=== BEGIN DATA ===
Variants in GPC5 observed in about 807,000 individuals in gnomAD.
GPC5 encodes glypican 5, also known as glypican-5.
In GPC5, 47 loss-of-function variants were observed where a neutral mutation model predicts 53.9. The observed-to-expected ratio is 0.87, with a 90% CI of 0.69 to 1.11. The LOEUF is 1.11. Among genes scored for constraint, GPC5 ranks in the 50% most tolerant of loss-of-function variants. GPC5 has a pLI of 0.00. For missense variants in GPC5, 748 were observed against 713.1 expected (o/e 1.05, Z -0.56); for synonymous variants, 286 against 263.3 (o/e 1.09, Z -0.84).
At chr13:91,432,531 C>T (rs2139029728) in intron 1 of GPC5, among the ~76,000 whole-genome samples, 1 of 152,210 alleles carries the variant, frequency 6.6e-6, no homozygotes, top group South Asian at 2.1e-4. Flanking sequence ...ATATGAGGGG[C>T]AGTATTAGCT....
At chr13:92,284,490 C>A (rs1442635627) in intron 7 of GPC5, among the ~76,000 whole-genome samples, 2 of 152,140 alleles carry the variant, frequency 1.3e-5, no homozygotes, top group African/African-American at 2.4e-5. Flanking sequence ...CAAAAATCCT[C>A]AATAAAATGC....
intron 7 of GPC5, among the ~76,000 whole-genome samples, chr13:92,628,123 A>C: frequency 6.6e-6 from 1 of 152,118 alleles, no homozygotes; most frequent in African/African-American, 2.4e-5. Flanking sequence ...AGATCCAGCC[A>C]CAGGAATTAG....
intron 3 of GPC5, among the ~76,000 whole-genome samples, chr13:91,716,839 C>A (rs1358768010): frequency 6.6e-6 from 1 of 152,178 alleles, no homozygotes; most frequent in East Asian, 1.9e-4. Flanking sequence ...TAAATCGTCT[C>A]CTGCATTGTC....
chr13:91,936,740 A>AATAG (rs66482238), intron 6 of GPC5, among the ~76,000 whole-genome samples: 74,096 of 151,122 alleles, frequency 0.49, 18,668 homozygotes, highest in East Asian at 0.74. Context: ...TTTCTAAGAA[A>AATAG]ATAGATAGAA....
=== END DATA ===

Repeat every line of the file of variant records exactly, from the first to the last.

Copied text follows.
Variants in GPC5 observed in about 807,000 individuals in gnomAD.
GPC5 encodes glypican 5, also known as glypican-5.
In GPC5, 47 loss-of-function variants were observed where a neutral mutation model predicts 53.9. The observed-to-expected ratio is 0.87, with a 90% CI of 0.69 to 1.11. The LOEUF is 1.11. Among genes scored for constraint, GPC5 ranks in the 50% most tolerant of loss-of-function variants. GPC5 has a pLI of 0.00. For missense variants in GPC5, 748 were observed against 713.1 expected (o/e 1.05, Z -0.56); for synonymous variants, 286 against 263.3 (o/e 1.09, Z -0.84).
At chr13:91,432,531 C>T (rs2139029728) in intron 1 of GPC5, among the ~76,000 whole-genome samples, 1 of 152,210 alleles carries the variant, frequency 6.6e-6, no homozygotes, top group South Asian at 2.1e-4. Flanking sequence ...ATATGAGGGG[C>T]AGTATTAGCT....
At chr13:92,284,490 C>A (rs1442635627) in intron 7 of GPC5, among the ~76,000 whole-genome samples, 2 of 152,140 alleles carry the variant, frequency 1.3e-5, no homozygotes, top group African/African-American at 2.4e-5. Flanking sequence ...CAAAAATCCT[C>A]AATAAAATGC....
intron 7 of GPC5, among the ~76,000 whole-genome samples, chr13:92,628,123 A>C: frequency 6.6e-6 from 1 of 152,118 alleles, no homozygotes; most frequent in African/African-American, 2.4e-5. Flanking sequence ...AGATCCAGCC[A>C]CAGGAATTAG....
intron 3 of GPC5, among the ~76,000 whole-genome samples, chr13:91,716,839 C>A (rs1358768010): frequency 6.6e-6 from 1 of 152,178 alleles, no homozygotes; most frequent in East Asian, 1.9e-4. Flanking sequence ...TAAATCGTCT[C>A]CTGCATTGTC....
chr13:91,936,740 A>AATAG (rs66482238), intron 6 of GPC5, among the ~76,000 whole-genome samples: 74,096 of 151,122 alleles, frequency 0.49, 18,668 homozygotes, highest in East Asian at 0.74. Context: ...TTTCTAAGAA[A>AATAG]ATAGATAGAA....